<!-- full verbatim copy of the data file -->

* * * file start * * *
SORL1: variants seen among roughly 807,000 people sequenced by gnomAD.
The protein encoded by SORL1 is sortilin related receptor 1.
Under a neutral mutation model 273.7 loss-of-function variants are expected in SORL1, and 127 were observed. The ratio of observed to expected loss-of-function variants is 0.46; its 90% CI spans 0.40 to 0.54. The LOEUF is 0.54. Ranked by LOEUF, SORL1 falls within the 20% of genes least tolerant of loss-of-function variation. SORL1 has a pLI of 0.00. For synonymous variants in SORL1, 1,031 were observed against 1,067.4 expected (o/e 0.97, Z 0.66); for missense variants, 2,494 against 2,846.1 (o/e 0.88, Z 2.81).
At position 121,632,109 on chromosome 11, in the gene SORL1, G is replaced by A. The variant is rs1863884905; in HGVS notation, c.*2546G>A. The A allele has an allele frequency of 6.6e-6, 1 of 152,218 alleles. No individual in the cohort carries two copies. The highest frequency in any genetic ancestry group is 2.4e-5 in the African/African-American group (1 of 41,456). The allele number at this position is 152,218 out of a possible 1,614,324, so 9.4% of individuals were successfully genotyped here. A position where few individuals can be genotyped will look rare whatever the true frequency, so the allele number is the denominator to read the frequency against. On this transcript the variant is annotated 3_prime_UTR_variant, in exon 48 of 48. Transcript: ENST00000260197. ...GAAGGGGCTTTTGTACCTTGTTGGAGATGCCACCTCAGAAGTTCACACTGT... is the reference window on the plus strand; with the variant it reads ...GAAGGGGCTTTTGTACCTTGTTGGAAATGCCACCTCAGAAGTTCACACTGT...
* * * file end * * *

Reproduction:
SORL1: variants seen among roughly 807,000 people sequenced by gnomAD.
The protein encoded by SORL1 is sortilin related receptor 1.
Under a neutral mutation model 273.7 loss-of-function variants are expected in SORL1, and 127 were observed. The ratio of observed to expected loss-of-function variants is 0.46; its 90% CI spans 0.40 to 0.54. The LOEUF is 0.54. Ranked by LOEUF, SORL1 falls within the 20% of genes least tolerant of loss-of-function variation. SORL1 has a pLI of 0.00. For synonymous variants in SORL1, 1,031 were observed against 1,067.4 expected (o/e 0.97, Z 0.66); for missense variants, 2,494 against 2,846.1 (o/e 0.88, Z 2.81).
At position 121,632,109 on chromosome 11, in the gene SORL1, G is replaced by A. The variant is rs1863884905; in HGVS notation, c.*2546G>A. The A allele has an allele frequency of 6.6e-6, 1 of 152,218 alleles. No individual in the cohort carries two copies. The highest frequency in any genetic ancestry group is 2.4e-5 in the African/African-American group (1 of 41,456). The allele number at this position is 152,218 out of a possible 1,614,324, so 9.4% of individuals were successfully genotyped here. A position where few individuals can be genotyped will look rare whatever the true frequency, so the allele number is the denominator to read the frequency against. On this transcript the variant is annotated 3_prime_UTR_variant, in exon 48 of 48. Transcript: ENST00000260197. ...GAAGGGGCTTTTGTACCTTGTTGGAGATGCCACCTCAGAAGTTCACACTGT... is the reference window on the plus strand; with the variant it reads ...GAAGGGGCTTTTGTACCTTGTTGGAAATGCCACCTCAGAAGTTCACACTGT...